The Pacific Women’s Network Against Violence Against Women (PWNAVAW) condemns the recently announced decision of the Government of Papua New Guinea to revive the death penalty and extend it to the offences of rape, robbery and murder.
PNG’s parliament?on Tuesday?passed laws allowing execution by a range of methods, including hanging, electrocution, lethal injection and firing squad. “This is a gross violation of an individuals right to life as protected by the Universal Declaration on Human Rights and a direct breach of the fundamental rights enshrined in the Constitution of PNG” says Shamima Ali, the Chair of the PWNAVAW.
“While the PWNAVAW welcomes the decision to repeal the Sorcery Act, it is greatly disappointed by the decision of the PNG Government to bring back the death penalty. The death penalty is state sanctioned violence, and is a major setback to the efforts being made by civil society organisations within PNG ?and the Pacific to promote human rights and eradicate Violence Against Women in PNG.”
The PWNAVAW has provided support to organisations within PNG that have campaigned for the repeal of the Sorcery Act. “While the repeal of the Sorcery Act is a step in the right decision, the revival of the death penalty is a huge step backwards” said Ali. “All violence should be equally abhorrent, whether it is the brutal killing of a woman suspected of sorcery, the brutal rapes and sexual assaults against women or the killing of a person by the state.”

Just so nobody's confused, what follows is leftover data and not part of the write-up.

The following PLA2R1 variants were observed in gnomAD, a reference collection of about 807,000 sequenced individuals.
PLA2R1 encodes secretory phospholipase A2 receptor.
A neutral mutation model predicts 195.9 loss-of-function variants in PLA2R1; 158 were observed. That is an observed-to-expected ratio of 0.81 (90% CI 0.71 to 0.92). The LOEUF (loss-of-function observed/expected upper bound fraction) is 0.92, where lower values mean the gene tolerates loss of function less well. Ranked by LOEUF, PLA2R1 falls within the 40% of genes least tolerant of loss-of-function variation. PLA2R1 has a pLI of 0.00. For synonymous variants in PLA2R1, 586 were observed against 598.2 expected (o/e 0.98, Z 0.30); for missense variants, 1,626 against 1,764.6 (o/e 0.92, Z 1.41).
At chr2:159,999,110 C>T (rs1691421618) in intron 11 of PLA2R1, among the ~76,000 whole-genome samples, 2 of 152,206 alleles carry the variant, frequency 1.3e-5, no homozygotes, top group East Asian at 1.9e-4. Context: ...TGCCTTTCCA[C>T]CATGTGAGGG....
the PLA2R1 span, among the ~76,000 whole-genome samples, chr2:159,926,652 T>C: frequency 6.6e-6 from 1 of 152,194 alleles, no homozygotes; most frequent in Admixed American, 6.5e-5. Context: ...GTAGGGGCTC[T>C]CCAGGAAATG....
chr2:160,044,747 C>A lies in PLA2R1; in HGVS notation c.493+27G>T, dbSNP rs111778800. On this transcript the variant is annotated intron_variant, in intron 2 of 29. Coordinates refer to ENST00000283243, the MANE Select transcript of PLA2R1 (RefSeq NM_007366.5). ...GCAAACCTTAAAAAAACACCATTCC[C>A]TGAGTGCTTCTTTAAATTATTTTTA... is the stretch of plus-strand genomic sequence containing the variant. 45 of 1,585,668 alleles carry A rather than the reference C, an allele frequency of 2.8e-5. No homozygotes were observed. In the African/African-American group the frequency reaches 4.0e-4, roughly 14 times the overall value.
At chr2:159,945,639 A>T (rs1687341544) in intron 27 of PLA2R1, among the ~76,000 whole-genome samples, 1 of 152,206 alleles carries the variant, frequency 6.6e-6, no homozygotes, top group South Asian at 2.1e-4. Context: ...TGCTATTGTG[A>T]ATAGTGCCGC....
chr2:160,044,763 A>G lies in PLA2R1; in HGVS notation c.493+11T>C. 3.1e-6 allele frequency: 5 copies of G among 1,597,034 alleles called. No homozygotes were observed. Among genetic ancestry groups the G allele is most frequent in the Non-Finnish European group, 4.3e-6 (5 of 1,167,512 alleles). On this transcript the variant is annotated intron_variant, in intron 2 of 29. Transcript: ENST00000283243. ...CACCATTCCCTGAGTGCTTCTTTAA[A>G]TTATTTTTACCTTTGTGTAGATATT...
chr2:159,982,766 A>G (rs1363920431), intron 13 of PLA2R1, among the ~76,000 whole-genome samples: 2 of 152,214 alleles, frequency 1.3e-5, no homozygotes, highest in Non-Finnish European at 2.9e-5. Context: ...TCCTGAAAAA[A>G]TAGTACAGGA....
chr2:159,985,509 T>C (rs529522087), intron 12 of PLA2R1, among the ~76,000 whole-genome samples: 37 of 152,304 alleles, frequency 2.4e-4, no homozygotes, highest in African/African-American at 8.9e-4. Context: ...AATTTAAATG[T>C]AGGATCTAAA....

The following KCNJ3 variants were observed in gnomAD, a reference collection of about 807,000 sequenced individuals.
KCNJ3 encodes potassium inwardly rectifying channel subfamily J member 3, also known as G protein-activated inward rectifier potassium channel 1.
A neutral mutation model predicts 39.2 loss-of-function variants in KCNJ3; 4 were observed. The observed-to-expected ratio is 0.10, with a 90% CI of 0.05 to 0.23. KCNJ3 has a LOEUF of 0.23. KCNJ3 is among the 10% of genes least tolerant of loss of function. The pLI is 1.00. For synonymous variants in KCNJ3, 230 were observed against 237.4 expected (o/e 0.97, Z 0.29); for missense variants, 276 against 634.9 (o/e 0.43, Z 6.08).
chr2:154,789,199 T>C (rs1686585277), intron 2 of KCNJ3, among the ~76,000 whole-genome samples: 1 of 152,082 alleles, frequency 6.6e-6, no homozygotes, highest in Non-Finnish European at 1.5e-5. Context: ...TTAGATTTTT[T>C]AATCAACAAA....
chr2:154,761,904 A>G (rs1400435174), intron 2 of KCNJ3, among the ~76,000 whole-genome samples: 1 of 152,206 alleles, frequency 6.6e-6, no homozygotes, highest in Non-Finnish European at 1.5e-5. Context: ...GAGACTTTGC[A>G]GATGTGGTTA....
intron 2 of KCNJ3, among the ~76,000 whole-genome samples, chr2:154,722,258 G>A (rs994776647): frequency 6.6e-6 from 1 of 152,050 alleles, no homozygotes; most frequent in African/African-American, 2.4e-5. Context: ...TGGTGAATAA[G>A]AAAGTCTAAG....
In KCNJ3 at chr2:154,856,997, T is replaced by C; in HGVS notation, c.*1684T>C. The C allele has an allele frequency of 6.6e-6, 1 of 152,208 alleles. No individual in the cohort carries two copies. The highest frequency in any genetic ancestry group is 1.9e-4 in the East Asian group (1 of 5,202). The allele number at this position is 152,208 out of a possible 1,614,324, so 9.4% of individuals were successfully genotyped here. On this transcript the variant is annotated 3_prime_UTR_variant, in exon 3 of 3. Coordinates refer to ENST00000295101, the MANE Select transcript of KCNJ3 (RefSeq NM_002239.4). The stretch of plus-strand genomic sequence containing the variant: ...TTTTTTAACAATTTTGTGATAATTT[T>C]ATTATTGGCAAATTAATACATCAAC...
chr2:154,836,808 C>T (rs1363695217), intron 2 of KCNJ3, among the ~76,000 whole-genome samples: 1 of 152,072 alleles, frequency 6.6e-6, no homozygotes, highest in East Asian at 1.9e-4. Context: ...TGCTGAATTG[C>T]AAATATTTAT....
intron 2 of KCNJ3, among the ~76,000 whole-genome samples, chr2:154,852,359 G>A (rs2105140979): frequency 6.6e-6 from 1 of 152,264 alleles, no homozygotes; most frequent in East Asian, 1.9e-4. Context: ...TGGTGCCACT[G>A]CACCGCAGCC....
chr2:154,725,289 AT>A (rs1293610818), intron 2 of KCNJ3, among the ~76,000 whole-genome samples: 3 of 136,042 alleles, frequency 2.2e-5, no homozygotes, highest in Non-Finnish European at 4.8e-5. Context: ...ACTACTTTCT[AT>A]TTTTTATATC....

Ali added that the death penalty was not the answer to the ongoing violence against women in PNG. “Research has shown that capital punishment does not deter crime. On the contrary, the death penalty may encourage more violence, as perpetrators may kill their victims to ensure that no evidence can be established against them. Furthermore, state sanctioned violence further de-sensitises people and contributes to the acceptance of vengeance and retribution as legitimate sanctions.”
The PWNAVAW acknowledges that the severity of the problems faced by PNG requires decisive action, but does not consider further violence to be the answer. “The repeal of the sorcery Act is the first step” said Ali. “the Government must now work with civil society to empower women in all areas of life and explore non violent punishment which will actually deter crime, as well as work with men to address the root causes of violence. This problem requires a reasoned and well thought out approach, and not a knee-jerk reaction which will lead to further violence.”